Mechlorethamine is approved by the Food and Drug Administration (FDA) to treat Hodgkin's disease and non-Hodgkins' lymphomas. It is also approved for certain types of leukemia, malignant lymphomas, and lung cancer. Mechlorethamine has been used to relieve symptoms caused by a build up of cancerous fluid in the lungs, abdomen, and around the heart.
Mechlorethamine is one of the first chemotherapy drugs discovered to have an effect on cancer cells. Clinical trials with this agent began in the 1940s. Mechlorethamine is a member of the group of chemotherapy drugs known as alkylating agents. Alkylating agents interfere with the genetic material (DNA) inside the cancer cells, more specifically through cross-linking DNA strands, and prevent them from further dividing and growing more cancer cells. Mechlorethamine is commonly combined with other chemotherapy agents to treat cancer.
A mechlorethamine dose can be determined using a mathematical calculation that measures a person's body surface area (BSA). This number is dependent upon a patient's height and weight. The larger the person, the greater the body surface area. BSA is measured in the units known as square meter (m2). The body surface area is calculated and then multiplied by the drug dosage in milligrams per square meter (mg/m2). This calculates the actual dose a patient is to receive.
Mechlorethamine is a yellowish liquid that is injected directly into a vein over a period of one to five minutes. It can also be applied onto the skin as an ointment for certain conditions.
Mechlorethamine is combined with other chemotherapeutic drugs vincristine (oncovin), procarbazine, and prednisone for treatment of Hodgkin's disease. The dose of mechlorethamine used in this regimen is 6 mg per square meter on day 1 and day 8 of a treatment cycle. This regimen is referred to as MOPP, and was one the initial regimens that caused a breakthrough in the treatment of Hodgkin's disease.
Mechlorethamine can also be infused into certain compartments in the body where cancerous fluid has accumulated. The dose for this treatment is based on a patient's weight in kilograms (1 kilogram is 2.2 pounds). Mechlorethamine is given at a dose of 0.2 to 0.4 mg per kilogram of body weight, infused directly into the area where the fluid is building up.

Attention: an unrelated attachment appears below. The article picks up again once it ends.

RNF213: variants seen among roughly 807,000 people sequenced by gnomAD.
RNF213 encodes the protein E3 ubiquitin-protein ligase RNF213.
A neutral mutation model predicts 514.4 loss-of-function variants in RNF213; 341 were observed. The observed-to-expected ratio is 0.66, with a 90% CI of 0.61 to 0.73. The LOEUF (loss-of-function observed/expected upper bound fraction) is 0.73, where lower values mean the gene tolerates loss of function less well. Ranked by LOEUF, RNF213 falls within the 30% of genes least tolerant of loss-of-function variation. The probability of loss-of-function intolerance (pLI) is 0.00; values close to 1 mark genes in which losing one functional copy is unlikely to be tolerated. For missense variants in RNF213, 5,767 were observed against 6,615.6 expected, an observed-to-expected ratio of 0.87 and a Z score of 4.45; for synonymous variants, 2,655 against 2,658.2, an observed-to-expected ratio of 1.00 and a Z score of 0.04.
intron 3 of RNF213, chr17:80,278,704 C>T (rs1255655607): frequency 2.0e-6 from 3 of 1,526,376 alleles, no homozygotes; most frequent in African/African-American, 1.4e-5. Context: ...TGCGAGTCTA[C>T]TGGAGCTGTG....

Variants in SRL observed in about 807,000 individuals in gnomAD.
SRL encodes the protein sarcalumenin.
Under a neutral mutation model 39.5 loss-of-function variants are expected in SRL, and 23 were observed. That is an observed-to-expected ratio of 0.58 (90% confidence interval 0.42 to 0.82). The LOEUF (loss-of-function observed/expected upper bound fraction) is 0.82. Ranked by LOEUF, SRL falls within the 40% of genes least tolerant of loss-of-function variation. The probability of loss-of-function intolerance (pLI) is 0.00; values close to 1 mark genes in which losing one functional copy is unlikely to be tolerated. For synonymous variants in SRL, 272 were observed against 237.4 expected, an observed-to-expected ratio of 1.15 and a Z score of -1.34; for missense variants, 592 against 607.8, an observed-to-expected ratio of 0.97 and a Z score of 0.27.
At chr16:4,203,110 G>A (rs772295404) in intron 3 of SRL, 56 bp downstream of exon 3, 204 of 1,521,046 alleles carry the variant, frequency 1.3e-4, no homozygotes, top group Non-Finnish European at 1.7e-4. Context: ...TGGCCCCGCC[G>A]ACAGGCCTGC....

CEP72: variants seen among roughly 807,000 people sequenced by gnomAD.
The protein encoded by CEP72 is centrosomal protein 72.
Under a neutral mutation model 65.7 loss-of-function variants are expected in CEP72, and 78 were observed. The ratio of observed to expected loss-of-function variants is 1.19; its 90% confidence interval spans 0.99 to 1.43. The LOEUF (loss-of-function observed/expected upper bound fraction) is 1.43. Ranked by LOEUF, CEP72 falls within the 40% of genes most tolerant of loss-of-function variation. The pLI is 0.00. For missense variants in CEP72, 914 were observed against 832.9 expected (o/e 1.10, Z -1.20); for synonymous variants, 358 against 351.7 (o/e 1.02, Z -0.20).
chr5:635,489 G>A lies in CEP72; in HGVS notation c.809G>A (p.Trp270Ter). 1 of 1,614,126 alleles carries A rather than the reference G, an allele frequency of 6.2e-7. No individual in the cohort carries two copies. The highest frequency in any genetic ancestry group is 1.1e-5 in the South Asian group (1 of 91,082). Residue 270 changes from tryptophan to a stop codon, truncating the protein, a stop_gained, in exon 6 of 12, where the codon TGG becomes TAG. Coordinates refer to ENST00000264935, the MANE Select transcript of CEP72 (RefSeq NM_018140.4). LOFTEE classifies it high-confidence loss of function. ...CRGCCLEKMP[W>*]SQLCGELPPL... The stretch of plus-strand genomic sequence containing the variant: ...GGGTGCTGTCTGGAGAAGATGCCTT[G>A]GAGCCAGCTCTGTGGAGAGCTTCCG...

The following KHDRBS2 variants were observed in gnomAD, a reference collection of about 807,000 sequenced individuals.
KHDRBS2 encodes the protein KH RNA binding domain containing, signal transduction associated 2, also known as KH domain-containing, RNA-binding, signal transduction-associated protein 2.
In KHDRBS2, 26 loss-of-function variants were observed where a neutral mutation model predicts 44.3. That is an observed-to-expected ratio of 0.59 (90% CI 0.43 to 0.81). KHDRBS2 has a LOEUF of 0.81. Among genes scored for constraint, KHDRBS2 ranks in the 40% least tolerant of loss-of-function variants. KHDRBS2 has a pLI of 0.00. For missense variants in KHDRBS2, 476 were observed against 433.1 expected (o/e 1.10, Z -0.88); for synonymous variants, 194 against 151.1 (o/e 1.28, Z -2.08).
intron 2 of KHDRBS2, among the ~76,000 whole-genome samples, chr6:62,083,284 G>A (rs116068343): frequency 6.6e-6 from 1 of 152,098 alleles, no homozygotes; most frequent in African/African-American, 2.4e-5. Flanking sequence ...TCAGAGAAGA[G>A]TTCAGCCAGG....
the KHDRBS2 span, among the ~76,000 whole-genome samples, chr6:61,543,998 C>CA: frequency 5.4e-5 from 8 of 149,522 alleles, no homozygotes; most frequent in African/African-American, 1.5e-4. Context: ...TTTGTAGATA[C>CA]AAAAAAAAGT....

Blood counts should be monitored regularly while on mechlorethamine therapy. During a certain time period after receiving mechlorethamine, there may be an increased risk of getting infections. Caution should be taken to avoid unnecessary exposure to crowds and people with infections.
Patients who may be pregnant or are trying to become pregnant should tell their doctor before receiving mechlorethamine. Chemotherapy can cause men and women to become sterile, or unable to have children.
Patients should increase their intake of fluids while on this medication.
One of the most common side effects from receiving mechlorethamine is nausea and vomiting. The nausea and vomiting can begin within one hour from receiving the drug. Patients will be given antiemetics before and after receiving mechlorethamine to help prevent or decrease this side effect.
A common side effect from taking mechlorethamine is low blood cell counts (myelosuppression). When the white blood cell count is lower than normal (neutropenia), patients are at an increased risk of developing fever and infections. The platelet blood count can also be decreased. Platelets are blood cells in the body that cause clots to form to stop bleeding. When the platelet count is low, patients are at an increased risk for bruising and bleeding. Low red blood cell counts (anemia), make people feel tired, dizzy, and lacking in energy.
Less common side effects from mechlorethamine include diarrhea, loss of appetite (anorexia), mouth sores, liver problems, metallic taste in the mouth, fever, ringing in the ears or hearing loss, and inflammation at the injection site. Allergic reactions have been reported, some of them severe anaphylactic reactions.
Damage to nerves and nervous system tissues is uncommon with mechlorethamine therapy. However, some reports do exist of nerve damage that has resulted in numbness and tingling in the hands and feet.
Mechlorethamine can cause skin reactions. When applied on top of the skin, the area can become red, swollen, brown colored, itchy, and have a burning sensation.
—A drug given to reverse the negative effects of another drug.
—Specific drugs used to treat cancer.
Deoxynucleic acid (DNA)
—Genetic material inside of cells that carries the information to make proteins that are necessary to run the cells and keep the body functioning smoothly.
Food and Drug Administration (FDA)
—The government agency that oversees public safety in relation to drugs and medical devices, and gives the approval to pharmaceutical companies for commercial marketing of their products.
—To enter the body through a vein.
—Cancer that has spread to one or more parts of the body.
—A white blood cell count that is lower than normal.
Loss of hair (alopecia), irritation, and change of color of the vein where the drug was injected can occur. If the drug is not given directly into the vein, or is accidentally injected into surrounding areas of tissue, an antidote must be administered to that area as soon as possible. The area will become painful, gray-colored, and the tissue will begin to die. This is considered a severe reaction, and medical personnel must be notified immediately.
Nancy J. Beaulieu, R.Ph., B.C.O.P.
—A red blood cell count that is lower than normal.